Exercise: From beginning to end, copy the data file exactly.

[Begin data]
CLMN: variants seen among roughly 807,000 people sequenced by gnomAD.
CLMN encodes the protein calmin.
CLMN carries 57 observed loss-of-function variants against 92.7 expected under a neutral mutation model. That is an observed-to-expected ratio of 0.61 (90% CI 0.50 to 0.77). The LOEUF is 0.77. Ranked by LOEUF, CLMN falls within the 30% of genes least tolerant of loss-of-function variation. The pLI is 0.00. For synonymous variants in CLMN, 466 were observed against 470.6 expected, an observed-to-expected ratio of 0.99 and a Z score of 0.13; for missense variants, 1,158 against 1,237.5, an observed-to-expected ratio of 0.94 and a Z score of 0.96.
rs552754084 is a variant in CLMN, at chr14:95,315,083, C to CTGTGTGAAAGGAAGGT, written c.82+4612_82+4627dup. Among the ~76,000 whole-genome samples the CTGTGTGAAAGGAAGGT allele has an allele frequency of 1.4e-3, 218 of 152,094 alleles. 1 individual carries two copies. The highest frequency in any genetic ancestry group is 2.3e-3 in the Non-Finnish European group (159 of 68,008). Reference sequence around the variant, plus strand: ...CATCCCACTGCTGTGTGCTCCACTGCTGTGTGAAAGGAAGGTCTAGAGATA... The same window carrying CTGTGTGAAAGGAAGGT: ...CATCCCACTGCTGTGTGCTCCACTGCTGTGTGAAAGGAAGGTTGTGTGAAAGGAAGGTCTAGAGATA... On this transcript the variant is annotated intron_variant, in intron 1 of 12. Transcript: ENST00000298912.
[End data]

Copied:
CLMN: variants seen among roughly 807,000 people sequenced by gnomAD.
CLMN encodes the protein calmin.
CLMN carries 57 observed loss-of-function variants against 92.7 expected under a neutral mutation model. That is an observed-to-expected ratio of 0.61 (90% CI 0.50 to 0.77). The LOEUF is 0.77. Ranked by LOEUF, CLMN falls within the 30% of genes least tolerant of loss-of-function variation. The pLI is 0.00. For synonymous variants in CLMN, 466 were observed against 470.6 expected, an observed-to-expected ratio of 0.99 and a Z score of 0.13; for missense variants, 1,158 against 1,237.5, an observed-to-expected ratio of 0.94 and a Z score of 0.96.
rs552754084 is a variant in CLMN, at chr14:95,315,083, C to CTGTGTGAAAGGAAGGT, written c.82+4612_82+4627dup. Among the ~76,000 whole-genome samples the CTGTGTGAAAGGAAGGT allele has an allele frequency of 1.4e-3, 218 of 152,094 alleles. 1 individual carries two copies. The highest frequency in any genetic ancestry group is 2.3e-3 in the Non-Finnish European group (159 of 68,008). Reference sequence around the variant, plus strand: ...CATCCCACTGCTGTGTGCTCCACTGCTGTGTGAAAGGAAGGTCTAGAGATA... The same window carrying CTGTGTGAAAGGAAGGT: ...CATCCCACTGCTGTGTGCTCCACTGCTGTGTGAAAGGAAGGTTGTGTGAAAGGAAGGTCTAGAGATA... On this transcript the variant is annotated intron_variant, in intron 1 of 12. Transcript: ENST00000298912.